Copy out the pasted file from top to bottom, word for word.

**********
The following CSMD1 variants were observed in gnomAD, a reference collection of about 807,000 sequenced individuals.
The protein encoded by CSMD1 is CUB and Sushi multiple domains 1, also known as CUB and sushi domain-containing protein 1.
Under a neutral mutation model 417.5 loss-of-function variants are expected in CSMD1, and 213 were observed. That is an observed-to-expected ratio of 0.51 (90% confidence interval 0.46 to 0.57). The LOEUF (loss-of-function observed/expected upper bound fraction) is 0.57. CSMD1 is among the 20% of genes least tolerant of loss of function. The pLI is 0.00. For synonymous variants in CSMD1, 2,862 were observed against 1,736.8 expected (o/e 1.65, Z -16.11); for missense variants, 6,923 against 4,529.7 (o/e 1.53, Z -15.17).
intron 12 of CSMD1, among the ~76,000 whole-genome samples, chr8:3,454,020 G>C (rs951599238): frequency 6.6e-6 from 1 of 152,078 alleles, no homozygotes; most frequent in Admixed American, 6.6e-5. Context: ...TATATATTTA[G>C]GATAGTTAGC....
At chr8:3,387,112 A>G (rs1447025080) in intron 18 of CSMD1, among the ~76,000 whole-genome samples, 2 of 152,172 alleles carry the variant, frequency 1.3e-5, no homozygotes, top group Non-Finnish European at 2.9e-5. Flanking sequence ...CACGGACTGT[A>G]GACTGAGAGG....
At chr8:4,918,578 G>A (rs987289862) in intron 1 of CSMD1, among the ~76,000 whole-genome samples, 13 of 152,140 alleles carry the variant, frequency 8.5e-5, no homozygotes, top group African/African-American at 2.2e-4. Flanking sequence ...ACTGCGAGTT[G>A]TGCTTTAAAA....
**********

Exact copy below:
The following CSMD1 variants were observed in gnomAD, a reference collection of about 807,000 sequenced individuals.
The protein encoded by CSMD1 is CUB and Sushi multiple domains 1, also known as CUB and sushi domain-containing protein 1.
Under a neutral mutation model 417.5 loss-of-function variants are expected in CSMD1, and 213 were observed. That is an observed-to-expected ratio of 0.51 (90% confidence interval 0.46 to 0.57). The LOEUF (loss-of-function observed/expected upper bound fraction) is 0.57. CSMD1 is among the 20% of genes least tolerant of loss of function. The pLI is 0.00. For synonymous variants in CSMD1, 2,862 were observed against 1,736.8 expected (o/e 1.65, Z -16.11); for missense variants, 6,923 against 4,529.7 (o/e 1.53, Z -15.17).
intron 12 of CSMD1, among the ~76,000 whole-genome samples, chr8:3,454,020 G>C (rs951599238): frequency 6.6e-6 from 1 of 152,078 alleles, no homozygotes; most frequent in Admixed American, 6.6e-5. Context: ...TATATATTTA[G>C]GATAGTTAGC....
At chr8:3,387,112 A>G (rs1447025080) in intron 18 of CSMD1, among the ~76,000 whole-genome samples, 2 of 152,172 alleles carry the variant, frequency 1.3e-5, no homozygotes, top group Non-Finnish European at 2.9e-5. Flanking sequence ...CACGGACTGT[A>G]GACTGAGAGG....
At chr8:4,918,578 G>A (rs987289862) in intron 1 of CSMD1, among the ~76,000 whole-genome samples, 13 of 152,140 alleles carry the variant, frequency 8.5e-5, no homozygotes, top group African/African-American at 2.2e-4. Flanking sequence ...ACTGCGAGTT[G>A]TGCTTTAAAA....